A Close Look At Illinois Tool Works Inc.’s (NYSE:ITW) 31% ROCE

Today we are going to look at Illinois Tool Works Inc. (NYSE:ITW) to see whether it might be an attractive investment prospect. To be precise, we’ll consider its Return On Capital Employed (ROCE), as that will inform our view of the quality of the business.

First, we’ll go over how we calculate ROCE. Then we’ll compare its ROCE to similar companies. Last but not least, we’ll look at what impact its current liabilities have on its ROCE.

Return On Capital Employed (ROCE): What is it?

ROCE is a metric for evaluating how much pre-tax income (in percentage terms) a company earns on the capital invested in its business. Generally speaking a higher ROCE is better. Ultimately, it is a useful but imperfect metric. Renowned investment researcher Michael Mauboussin has suggested that a high ROCE can indicate that ‘one dollar invested in the company generates value of more than one dollar’.

How Do You Calculate Return On Capital Employed?

Analysts use this formula to calculate return on capital employed:

Return on Capital Employed = Earnings Before Interest and Tax (EBIT) ÷ (Total Assets – Current Liabilities)

Or for Illinois Tool Works:

0.31 = US$3.4b ÷ (US$15b – US$3.7b) (Based on the trailing twelve months to September 2018.)

So, Illinois Tool Works has an ROCE of 31%.

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Is Illinois Tool Works’s ROCE Good?

ROCE is commonly used for comparing the performance of similar businesses. In our analysis, Illinois Tool Works’s ROCE is meaningfully higher than the 12% average in the Machinery industry. We would consider this a positive, as it suggests it is using capital more effectively than other similar companies. Putting aside its position relative to its industry for now, in absolute terms, Illinois Tool Works’s ROCE is currently very good.

As we can see, Illinois Tool Works currently has an ROCE of 31% compared to its ROCE 3 years ago, which was 21%. This makes us wonder if the company is improving.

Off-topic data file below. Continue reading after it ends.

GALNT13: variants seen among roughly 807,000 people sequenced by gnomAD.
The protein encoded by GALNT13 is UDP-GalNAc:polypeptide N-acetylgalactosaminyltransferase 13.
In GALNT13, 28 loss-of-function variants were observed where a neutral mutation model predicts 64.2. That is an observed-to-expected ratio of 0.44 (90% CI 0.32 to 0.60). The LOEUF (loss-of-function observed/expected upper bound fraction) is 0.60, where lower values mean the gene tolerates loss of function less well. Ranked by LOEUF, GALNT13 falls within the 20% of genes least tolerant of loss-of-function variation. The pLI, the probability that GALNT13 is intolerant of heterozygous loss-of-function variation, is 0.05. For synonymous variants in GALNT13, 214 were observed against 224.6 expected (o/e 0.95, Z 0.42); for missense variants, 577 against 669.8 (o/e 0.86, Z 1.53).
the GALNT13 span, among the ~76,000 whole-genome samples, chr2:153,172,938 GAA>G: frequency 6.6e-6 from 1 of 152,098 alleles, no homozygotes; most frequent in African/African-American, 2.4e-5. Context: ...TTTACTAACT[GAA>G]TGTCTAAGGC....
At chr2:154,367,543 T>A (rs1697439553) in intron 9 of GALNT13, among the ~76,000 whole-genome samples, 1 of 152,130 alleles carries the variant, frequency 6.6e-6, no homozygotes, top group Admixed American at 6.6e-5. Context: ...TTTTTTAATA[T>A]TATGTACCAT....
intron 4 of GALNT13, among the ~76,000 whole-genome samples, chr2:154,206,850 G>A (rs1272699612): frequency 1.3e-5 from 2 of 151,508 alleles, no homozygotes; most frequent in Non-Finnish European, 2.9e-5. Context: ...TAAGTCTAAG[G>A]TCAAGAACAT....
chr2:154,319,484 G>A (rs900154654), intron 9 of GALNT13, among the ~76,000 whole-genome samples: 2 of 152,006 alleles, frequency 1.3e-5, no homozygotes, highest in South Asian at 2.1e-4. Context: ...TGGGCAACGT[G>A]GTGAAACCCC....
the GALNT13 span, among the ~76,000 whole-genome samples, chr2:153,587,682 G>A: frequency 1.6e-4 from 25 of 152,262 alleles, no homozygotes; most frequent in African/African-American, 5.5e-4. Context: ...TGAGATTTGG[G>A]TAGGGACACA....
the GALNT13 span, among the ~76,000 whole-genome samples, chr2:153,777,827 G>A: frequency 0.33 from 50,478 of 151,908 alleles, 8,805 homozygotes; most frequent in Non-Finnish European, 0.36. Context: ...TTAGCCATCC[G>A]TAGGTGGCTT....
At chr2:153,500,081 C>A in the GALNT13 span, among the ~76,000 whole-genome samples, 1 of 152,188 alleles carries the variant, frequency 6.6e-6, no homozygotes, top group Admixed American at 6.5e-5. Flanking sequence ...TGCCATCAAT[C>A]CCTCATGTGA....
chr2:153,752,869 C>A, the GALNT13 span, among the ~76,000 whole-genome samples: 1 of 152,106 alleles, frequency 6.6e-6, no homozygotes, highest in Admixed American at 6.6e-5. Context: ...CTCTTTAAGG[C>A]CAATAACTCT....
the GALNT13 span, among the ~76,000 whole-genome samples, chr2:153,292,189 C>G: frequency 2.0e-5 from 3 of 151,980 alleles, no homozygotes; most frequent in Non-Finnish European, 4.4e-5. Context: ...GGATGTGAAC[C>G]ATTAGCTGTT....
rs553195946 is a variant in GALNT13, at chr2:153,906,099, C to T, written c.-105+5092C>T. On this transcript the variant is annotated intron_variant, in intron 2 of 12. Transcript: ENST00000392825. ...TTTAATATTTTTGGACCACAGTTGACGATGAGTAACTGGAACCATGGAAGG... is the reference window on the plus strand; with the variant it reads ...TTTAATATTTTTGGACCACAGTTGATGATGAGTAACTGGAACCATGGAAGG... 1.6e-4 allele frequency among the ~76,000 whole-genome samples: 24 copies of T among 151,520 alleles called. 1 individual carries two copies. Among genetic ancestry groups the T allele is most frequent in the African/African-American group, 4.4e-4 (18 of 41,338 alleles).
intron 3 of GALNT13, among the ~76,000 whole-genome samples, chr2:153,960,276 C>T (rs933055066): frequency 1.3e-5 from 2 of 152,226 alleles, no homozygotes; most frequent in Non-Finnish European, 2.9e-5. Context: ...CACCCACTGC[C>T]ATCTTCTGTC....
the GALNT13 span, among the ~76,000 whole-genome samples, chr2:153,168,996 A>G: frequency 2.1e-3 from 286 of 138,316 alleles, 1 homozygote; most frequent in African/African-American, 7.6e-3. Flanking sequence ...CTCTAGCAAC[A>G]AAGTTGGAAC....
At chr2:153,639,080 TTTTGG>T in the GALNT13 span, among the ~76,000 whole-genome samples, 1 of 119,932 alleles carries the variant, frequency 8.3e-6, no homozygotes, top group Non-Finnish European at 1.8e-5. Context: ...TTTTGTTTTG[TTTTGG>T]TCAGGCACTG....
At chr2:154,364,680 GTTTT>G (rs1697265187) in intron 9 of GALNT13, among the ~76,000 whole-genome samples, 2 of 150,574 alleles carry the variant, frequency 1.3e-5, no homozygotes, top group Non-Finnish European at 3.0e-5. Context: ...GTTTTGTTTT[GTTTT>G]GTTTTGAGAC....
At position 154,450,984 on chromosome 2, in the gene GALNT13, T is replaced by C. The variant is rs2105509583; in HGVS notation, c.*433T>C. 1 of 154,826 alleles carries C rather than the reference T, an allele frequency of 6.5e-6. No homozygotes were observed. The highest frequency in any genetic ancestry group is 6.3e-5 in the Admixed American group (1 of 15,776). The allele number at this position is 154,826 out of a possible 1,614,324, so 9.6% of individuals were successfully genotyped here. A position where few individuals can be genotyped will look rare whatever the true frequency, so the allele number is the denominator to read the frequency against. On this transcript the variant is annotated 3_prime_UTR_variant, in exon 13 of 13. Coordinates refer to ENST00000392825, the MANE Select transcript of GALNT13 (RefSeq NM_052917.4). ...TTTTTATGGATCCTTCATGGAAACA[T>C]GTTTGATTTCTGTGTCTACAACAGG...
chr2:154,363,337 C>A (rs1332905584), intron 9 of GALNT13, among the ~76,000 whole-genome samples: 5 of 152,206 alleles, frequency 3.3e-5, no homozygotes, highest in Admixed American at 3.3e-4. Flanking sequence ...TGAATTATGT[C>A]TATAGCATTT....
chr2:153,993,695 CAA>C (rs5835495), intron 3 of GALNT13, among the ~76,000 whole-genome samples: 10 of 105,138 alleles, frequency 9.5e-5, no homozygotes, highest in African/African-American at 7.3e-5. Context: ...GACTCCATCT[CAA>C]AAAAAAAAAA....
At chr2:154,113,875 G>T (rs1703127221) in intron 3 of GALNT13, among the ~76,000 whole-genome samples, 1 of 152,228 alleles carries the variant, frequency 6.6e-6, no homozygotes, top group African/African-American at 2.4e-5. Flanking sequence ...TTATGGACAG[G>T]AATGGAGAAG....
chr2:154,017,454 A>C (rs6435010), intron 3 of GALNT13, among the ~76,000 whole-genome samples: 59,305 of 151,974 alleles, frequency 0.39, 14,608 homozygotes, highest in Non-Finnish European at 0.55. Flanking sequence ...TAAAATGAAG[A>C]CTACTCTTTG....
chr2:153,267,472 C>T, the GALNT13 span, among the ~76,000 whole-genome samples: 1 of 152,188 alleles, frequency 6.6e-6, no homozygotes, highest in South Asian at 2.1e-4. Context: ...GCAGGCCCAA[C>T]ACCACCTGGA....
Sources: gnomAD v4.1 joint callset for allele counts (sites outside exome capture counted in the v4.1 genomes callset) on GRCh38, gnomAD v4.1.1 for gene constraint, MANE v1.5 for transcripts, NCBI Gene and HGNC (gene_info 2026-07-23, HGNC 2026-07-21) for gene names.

NYSE:ITW Last Perf January 30th 19
NYSE:ITW Last Perf January 30th 19

It is important to remember that ROCE shows past performance, and is not necessarily predictive. ROCE can be deceptive for cyclical businesses, as returns can look incredible in boom times, and terribly low in downturns. ROCE is, after all, simply a snap shot of a single year. Since the future is so important for investors, you should check out our free report on analyst forecasts for Illinois Tool Works.

What Are Current Liabilities, And How Do They Affect Illinois Tool Works’s ROCE?

Current liabilities are short term bills and invoices that need to be paid in 12 months or less. The ROCE equation subtracts current liabilities from capital employed, so a company with a lot of current liabilities appears to have less capital employed, and a higher ROCE than otherwise. To check the impact of this, we calculate if a company has high current liabilities relative to its total assets.

Illinois Tool Works has total assets of US$15b and current liabilities of US$3.7b. Therefore its current liabilities are equivalent to approximately 24% of its total assets. The fairly low level of current liabilities won’t have much impact on the already great ROCE.

The Bottom Line On Illinois Tool Works’s ROCE

This is good to see, and with such a high ROCE, Illinois Tool Works may be worth a closer look. But note: Illinois Tool Works may not be the best stock to buy. So take a peek at this free list of interesting companies with strong recent earnings growth (and a P/E ratio below 20).

If you are like me, then you will not want to miss this free list of growing companies that insiders are buying.

To help readers see past the short term volatility of the financial market, we aim to bring you a long-term focused research analysis purely driven by fundamental data. Note that our analysis does not factor in the latest price-sensitive company announcements.

The author is an independent contributor and at the time of publication had no position in the stocks mentioned. For errors that warrant correction please contact the editor at editorial-team@simplywallst.com.